My double needle and I are just not friends yet. I’m hoping my new Bernina will sew this kind of hem better without stretching it out. We shall see. I’ve had much better success doing a simple zig zag and will return to that if my new machine is equally stubborn.

So, this dress wasn’t my favorite. Not yet at least. This particular iteration was given to a friend who is about my size but taller so it fits her much better through the waist. The pattern was well written though and would be a great beginner knit pattern.

Here’s my review on Pattern Review.

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Jan 04 2017

A quilt top for mom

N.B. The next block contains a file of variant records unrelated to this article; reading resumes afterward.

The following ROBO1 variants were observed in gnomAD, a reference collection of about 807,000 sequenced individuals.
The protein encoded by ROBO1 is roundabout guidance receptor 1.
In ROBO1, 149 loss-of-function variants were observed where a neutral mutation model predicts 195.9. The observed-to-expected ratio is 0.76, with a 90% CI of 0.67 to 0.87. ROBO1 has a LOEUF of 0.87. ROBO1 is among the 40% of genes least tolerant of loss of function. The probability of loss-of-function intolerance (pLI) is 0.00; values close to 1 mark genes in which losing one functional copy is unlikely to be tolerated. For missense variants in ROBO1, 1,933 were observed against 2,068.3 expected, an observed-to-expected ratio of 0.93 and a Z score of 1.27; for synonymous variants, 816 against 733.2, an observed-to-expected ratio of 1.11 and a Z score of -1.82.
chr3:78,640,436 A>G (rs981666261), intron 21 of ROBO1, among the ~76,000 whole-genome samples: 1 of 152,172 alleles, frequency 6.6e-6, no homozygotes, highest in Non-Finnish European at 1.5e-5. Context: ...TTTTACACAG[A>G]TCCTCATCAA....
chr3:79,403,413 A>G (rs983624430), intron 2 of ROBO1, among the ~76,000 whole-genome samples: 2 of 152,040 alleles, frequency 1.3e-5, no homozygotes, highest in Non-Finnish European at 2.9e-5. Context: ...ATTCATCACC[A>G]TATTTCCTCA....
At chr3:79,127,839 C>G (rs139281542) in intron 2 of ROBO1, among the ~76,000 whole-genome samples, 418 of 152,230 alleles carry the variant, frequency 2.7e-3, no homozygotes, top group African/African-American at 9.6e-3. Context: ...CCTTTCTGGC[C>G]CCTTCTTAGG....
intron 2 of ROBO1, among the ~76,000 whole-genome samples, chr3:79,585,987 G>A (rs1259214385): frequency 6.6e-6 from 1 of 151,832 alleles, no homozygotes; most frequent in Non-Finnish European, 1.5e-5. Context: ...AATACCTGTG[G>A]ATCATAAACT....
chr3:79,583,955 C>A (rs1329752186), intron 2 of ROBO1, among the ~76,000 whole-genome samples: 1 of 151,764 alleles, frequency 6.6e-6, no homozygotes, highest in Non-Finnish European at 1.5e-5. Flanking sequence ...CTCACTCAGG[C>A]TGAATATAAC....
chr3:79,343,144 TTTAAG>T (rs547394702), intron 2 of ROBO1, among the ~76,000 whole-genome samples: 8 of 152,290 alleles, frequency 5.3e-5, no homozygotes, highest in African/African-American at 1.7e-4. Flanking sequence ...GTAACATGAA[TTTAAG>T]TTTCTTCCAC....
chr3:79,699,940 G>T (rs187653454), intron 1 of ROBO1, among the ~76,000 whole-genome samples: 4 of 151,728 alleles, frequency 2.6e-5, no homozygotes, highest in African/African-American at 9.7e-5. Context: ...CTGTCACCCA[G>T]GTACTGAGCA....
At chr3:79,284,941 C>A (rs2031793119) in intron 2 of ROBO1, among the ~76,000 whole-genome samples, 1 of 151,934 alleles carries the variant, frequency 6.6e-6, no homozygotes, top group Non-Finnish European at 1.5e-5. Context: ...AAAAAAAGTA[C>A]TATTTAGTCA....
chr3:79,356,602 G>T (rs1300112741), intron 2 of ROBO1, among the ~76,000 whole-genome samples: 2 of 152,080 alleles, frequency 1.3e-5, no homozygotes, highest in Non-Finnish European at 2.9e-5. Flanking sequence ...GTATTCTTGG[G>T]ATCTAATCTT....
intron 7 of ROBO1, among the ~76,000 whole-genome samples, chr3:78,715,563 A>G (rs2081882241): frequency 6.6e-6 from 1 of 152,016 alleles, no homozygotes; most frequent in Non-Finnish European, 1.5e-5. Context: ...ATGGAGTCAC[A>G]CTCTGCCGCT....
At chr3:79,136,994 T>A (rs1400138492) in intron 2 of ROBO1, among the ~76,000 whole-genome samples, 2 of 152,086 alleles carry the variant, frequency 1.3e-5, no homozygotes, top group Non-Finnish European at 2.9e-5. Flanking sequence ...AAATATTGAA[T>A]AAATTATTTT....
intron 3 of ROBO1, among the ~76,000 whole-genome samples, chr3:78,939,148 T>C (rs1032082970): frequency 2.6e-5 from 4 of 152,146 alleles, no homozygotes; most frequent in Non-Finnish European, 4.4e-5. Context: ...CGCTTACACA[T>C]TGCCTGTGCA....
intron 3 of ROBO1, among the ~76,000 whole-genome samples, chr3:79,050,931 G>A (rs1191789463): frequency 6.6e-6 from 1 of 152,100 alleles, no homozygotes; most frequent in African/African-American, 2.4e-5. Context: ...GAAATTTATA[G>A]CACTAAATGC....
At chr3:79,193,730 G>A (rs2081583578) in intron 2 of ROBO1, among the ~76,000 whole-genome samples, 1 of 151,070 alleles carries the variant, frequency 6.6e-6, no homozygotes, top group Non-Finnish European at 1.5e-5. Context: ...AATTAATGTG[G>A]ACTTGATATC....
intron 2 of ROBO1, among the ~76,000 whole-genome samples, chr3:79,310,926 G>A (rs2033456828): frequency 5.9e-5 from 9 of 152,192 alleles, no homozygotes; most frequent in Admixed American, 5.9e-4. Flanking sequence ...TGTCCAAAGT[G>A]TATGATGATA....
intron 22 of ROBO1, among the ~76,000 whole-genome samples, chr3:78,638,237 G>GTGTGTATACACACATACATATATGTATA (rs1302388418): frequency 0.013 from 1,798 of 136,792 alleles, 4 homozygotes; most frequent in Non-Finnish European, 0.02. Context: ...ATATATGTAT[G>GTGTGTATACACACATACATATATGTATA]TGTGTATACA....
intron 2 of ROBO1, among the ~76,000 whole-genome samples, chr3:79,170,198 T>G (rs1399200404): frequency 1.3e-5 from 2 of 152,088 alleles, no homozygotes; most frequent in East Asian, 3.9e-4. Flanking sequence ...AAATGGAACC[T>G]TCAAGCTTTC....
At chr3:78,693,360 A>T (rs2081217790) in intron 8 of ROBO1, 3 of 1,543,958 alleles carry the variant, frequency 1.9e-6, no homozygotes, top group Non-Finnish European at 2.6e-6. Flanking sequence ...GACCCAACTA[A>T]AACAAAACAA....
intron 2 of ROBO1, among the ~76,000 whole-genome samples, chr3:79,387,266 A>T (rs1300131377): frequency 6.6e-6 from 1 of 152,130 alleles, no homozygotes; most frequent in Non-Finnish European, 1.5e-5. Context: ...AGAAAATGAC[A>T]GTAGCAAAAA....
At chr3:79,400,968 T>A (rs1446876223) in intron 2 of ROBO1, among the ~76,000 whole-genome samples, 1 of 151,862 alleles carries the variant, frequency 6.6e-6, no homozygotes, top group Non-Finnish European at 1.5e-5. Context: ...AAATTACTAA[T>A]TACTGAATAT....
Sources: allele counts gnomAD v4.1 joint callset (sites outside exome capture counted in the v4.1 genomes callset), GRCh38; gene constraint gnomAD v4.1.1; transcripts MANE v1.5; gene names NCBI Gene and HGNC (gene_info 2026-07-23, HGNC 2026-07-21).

Published by under Quilting,Sewing

Mom Mauve & Dusty Blue front

A while ago (and by a while I mean like 10 years ago), my mom made a quilt top. This quilt top languished in her fabric vault until about a year or two ago when I started doing longarm quilting. When I was home last time, I told her she just needed to get it done so I took it from my mom and told her I would quilt it up for her. She insisted she didn’t even really like it, but now that it’s done she does still like it 🙂

Mom Mauve & Dusty Blue back

I pieced the back in order to save fabric. It was just a little over 44” so I cut the proper length, sliced it down the middle and pieced together some partial blocks leftover from the original quilt piecing. This saved a ton of the backing fabric which my mom can now use for something else.

Special thank you shout out to my dad for being an excellent quilt holder 😉

Mom Mauve & Dusty Blue close up